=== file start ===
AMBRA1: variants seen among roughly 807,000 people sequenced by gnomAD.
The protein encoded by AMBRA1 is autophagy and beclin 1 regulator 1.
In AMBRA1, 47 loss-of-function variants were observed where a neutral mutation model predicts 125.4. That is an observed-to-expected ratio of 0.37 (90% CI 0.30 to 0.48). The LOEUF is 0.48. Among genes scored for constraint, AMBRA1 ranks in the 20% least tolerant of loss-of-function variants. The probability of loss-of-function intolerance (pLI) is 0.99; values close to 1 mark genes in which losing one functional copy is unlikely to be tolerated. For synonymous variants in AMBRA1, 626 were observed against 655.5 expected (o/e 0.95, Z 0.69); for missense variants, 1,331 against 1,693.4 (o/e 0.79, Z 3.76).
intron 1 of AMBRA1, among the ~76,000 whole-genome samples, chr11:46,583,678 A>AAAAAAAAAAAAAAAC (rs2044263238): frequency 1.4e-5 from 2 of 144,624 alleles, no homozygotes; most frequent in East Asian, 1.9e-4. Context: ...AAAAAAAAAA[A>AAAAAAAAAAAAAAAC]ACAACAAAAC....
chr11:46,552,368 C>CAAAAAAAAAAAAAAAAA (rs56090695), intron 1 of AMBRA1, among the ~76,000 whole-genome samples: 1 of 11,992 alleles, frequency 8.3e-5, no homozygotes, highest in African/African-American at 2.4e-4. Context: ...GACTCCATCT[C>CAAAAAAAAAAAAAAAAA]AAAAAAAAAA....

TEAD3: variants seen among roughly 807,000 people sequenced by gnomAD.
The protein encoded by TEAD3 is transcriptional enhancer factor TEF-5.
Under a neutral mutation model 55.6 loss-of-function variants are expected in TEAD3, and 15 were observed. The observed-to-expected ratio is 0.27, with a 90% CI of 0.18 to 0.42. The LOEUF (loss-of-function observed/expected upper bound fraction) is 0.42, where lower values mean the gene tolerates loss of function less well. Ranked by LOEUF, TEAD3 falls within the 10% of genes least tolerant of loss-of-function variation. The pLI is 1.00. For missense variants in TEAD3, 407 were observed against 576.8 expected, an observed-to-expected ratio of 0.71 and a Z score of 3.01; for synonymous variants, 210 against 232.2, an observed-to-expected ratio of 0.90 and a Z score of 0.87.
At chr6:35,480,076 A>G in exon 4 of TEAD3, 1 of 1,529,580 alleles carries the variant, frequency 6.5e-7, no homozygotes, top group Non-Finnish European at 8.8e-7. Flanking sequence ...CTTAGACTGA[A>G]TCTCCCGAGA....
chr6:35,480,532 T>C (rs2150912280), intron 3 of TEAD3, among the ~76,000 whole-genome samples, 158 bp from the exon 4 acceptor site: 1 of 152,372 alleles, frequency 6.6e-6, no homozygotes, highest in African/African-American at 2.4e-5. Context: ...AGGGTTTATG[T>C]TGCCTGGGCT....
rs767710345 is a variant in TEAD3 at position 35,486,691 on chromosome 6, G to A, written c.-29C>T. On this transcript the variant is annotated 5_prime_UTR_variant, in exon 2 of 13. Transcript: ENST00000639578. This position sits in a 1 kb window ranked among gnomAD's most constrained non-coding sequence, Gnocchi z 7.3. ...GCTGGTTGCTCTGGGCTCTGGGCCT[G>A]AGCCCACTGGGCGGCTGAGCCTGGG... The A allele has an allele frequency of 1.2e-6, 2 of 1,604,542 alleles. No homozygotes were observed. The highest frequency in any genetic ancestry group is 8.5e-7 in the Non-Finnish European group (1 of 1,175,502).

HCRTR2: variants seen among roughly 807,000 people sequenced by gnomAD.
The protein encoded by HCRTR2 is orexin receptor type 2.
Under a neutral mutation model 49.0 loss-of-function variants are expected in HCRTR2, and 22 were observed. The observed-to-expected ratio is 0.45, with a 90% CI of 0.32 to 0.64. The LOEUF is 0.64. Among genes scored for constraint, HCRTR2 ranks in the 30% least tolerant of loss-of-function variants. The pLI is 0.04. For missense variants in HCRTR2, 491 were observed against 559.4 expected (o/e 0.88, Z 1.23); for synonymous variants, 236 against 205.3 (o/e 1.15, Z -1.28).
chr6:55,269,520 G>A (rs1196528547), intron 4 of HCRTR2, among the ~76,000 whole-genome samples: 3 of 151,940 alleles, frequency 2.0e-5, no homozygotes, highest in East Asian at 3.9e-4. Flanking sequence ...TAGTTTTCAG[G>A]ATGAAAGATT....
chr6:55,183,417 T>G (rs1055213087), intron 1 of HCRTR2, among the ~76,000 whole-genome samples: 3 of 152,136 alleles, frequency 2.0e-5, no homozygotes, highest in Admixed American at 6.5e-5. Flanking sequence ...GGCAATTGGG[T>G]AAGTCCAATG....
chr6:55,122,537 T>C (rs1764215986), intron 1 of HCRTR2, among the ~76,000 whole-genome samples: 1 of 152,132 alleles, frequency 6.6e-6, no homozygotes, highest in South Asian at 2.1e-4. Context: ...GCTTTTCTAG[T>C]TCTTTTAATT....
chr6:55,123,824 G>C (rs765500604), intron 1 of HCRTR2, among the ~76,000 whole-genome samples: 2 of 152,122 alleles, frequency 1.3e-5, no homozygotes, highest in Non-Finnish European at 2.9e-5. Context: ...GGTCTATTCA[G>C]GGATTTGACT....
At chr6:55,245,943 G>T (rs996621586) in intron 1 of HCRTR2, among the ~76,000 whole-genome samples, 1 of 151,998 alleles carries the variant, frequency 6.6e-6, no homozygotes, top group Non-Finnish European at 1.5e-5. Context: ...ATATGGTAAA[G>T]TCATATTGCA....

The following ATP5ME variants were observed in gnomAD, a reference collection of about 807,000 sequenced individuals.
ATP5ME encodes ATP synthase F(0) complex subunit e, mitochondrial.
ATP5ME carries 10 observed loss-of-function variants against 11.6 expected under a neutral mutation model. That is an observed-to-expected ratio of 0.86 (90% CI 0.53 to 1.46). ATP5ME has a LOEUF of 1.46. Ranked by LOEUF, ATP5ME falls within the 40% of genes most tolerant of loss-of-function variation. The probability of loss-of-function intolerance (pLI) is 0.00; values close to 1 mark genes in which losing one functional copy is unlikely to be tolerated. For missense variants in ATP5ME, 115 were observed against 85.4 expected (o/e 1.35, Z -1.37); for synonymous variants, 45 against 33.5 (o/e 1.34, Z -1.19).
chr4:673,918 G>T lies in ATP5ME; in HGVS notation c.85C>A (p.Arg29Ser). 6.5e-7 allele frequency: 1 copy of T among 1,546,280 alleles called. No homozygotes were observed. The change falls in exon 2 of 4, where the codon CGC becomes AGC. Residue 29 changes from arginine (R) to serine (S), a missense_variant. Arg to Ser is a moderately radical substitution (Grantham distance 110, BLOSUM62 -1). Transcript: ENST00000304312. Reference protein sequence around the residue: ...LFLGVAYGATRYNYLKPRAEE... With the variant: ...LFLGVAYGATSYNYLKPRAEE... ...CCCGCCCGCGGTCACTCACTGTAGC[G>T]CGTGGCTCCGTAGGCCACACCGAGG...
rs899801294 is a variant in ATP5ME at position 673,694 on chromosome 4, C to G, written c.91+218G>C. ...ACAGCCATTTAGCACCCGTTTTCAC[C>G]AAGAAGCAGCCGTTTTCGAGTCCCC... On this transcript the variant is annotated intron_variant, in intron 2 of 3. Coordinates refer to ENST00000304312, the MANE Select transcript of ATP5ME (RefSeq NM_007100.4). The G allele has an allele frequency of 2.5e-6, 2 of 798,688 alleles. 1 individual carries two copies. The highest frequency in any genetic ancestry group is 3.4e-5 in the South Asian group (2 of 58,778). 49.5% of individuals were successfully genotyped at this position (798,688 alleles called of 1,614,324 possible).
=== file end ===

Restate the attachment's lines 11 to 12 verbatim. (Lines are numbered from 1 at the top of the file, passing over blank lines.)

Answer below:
rs767710345 is a variant in TEAD3 at position 35,486,691 on chromosome 6, G to A, written c.-29C>T. On this transcript the variant is annotated 5_prime_UTR_variant, in exon 2 of 13. Transcript: ENST00000639578. This position sits in a 1 kb window ranked among gnomAD's most constrained non-coding sequence, Gnocchi z 7.3. ...GCTGGTTGCTCTGGGCTCTGGGCCT[G>A]AGCCCACTGGGCGGCTGAGCCTGGG... The A allele has an allele frequency of 1.2e-6, 2 of 1,604,542 alleles. No homozygotes were observed. The highest frequency in any genetic ancestry group is 8.5e-7 in the Non-Finnish European group (1 of 1,175,502).

HCRTR2: variants seen among roughly 807,000 people sequenced by gnomAD.